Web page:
Monday, May 31, 2010

Obama and the Oil Spill

Why, oh why, Obama did you not respond to this with greater urgency? I want to support what they are doing, but the truth is that they did not seem to take strong enough action. Sure, they could not have stopped the oil leak themselves; however, they could have mobilized people earlier to keep the oil off the coast. Yet, they did nothing.

The Obama administration has done a number of very efficient and good things; however, he responded to this oil spill as though it was a local problem that could be resolved locally; a very big mistake.

Wednesday, May 26, 2010

Flood Plain Law

Flood plains are fascinating places. They turn liberals into anti government-intervention conservatives and conservatives into great babies sucking on the bottle of society. They do this because many smaller, more conservative places live within the floodplains and demand dams, levies, roads, etc, (all built at OTHER taxpayer's expense) to keep them safe, while liberals would just as soon tell people to leave the floodway and stop getting flooded and wasting money.

Yesterday in a Planning Law class I presented on the National Flood Insurance Program and hazard mitigation law among other things. What I basically said was that we subsidize bad behavior among floodplain residences and that our inability or unwillingness to require people to not continue to build in such an area is representative of the actual unwillingness of our political system and establishment to make good decisions that impact some people who are loud. There is no doubt that government can regulate floodplains by either requiring people to leave (which may require some form of property compensation), or by requiring people to elevate their homes to avoid further losses from floods. The truth of the matter in this case, though, is that property rights types get angry on a local level when floodplain regulations are enacted. While they feel that the government should stay out of their face most of the time, they whine about not being protected enough as soon as they are in danger, even though it makes more sense just to tell them to get the heck out of the way and to stop costing everyone else huge amounts of money.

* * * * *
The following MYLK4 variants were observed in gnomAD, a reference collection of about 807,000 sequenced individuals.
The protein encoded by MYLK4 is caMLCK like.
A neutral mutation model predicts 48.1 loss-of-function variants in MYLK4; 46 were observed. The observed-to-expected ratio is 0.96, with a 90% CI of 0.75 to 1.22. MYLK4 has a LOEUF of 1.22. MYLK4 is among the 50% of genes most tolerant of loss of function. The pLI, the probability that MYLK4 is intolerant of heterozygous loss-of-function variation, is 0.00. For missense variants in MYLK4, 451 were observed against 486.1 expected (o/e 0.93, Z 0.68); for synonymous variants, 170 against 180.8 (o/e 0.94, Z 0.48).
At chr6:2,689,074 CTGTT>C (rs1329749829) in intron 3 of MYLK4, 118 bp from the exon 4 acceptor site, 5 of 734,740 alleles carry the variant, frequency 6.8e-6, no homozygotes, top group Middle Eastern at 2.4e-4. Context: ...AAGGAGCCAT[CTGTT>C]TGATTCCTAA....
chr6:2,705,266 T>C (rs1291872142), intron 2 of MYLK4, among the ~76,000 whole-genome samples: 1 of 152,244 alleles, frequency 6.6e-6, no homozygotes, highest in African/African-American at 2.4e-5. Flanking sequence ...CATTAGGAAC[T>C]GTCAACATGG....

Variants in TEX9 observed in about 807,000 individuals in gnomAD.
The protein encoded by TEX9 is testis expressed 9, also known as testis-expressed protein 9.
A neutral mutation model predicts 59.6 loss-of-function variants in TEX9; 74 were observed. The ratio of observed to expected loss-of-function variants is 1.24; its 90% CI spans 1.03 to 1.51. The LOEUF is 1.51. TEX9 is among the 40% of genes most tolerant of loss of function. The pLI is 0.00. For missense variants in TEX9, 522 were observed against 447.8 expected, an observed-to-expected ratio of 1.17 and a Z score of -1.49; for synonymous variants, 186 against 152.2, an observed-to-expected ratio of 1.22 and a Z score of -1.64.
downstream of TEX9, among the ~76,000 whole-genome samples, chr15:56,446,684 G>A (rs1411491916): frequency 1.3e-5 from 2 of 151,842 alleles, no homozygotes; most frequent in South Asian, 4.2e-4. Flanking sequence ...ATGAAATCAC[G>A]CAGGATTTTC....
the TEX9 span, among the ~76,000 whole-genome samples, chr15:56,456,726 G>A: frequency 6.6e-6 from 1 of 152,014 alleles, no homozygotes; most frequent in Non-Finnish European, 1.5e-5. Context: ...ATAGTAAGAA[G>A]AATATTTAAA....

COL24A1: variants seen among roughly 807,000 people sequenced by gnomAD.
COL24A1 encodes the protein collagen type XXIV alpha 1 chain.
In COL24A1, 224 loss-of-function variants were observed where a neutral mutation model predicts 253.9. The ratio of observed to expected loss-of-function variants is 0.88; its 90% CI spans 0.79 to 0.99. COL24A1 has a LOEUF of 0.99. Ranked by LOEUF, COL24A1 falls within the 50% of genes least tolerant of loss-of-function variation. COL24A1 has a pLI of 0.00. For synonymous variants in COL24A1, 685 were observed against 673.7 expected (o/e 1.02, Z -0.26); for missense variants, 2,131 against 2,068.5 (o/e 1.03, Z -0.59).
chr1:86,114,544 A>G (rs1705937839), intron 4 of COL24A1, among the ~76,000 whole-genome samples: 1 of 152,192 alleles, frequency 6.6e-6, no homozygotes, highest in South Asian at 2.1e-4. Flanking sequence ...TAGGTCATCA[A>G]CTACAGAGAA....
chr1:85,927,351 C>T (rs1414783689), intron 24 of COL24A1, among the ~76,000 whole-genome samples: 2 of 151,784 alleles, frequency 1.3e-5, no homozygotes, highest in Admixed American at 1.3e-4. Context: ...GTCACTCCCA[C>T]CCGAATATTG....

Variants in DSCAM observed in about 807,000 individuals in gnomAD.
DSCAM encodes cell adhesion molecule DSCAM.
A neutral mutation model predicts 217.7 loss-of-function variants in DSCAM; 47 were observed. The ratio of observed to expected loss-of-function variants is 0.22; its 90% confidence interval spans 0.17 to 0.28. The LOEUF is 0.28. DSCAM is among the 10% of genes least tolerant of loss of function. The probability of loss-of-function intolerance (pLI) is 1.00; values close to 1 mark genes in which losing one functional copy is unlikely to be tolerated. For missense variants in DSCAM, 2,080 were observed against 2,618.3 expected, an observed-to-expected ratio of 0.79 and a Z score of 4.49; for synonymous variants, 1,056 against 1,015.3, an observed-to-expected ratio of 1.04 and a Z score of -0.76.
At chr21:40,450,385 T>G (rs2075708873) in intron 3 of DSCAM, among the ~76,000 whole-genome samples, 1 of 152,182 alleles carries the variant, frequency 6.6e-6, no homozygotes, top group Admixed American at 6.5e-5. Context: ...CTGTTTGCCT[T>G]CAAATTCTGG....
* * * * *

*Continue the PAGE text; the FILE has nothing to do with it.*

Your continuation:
Contradiction in Hazard Mitigation

First, I want to say that I have not done much solution thinking here lately. I sound more like a pundit sometimes, complaining about things. That said, I have something interesting today. It is the contradiction between two subjects I study: urban planning/urban design and hazard mitigation.

Despite our seeming obsession with risk in this country, we really do a terrible job of thinking about it in useful terms. For example, our government regularly subsidizes risky behavior by providing flood insurance to communities and people who build in the 100-year flood plain. Similarly, many techniques of urban design and planning or of some of our 'fads' like New Urbanism or the construction of weird buildings at odd angles with stupid facades, actually make us less safe. I am not saying that there has to be a trade-off, just that there often is.

Examples of this problem include narrow streets (makes response and evacuation more difficult) and close-together housing (makes fires more likely to spread), both tools of New Urbanism. Another example are the weird buildings built in Seattle, Vancouver, and Portland by crazy architects (these buildings are often less stable and are prone to tip over, etc). I am not saying that working in concert is not possible, just that it does not happen. There are ways for us as hazard mitigation planners and regular urban planners to talk to one another and make a conscious choice over where on the continuum between a perfectly stable building with no windows on a huge street and with no quality of life or a beautiful street with fascinating buildings prone to collapse and chandeliers that impale you while you sleep, we want to be. Since these are extremes, the answer is somewhere in the middle.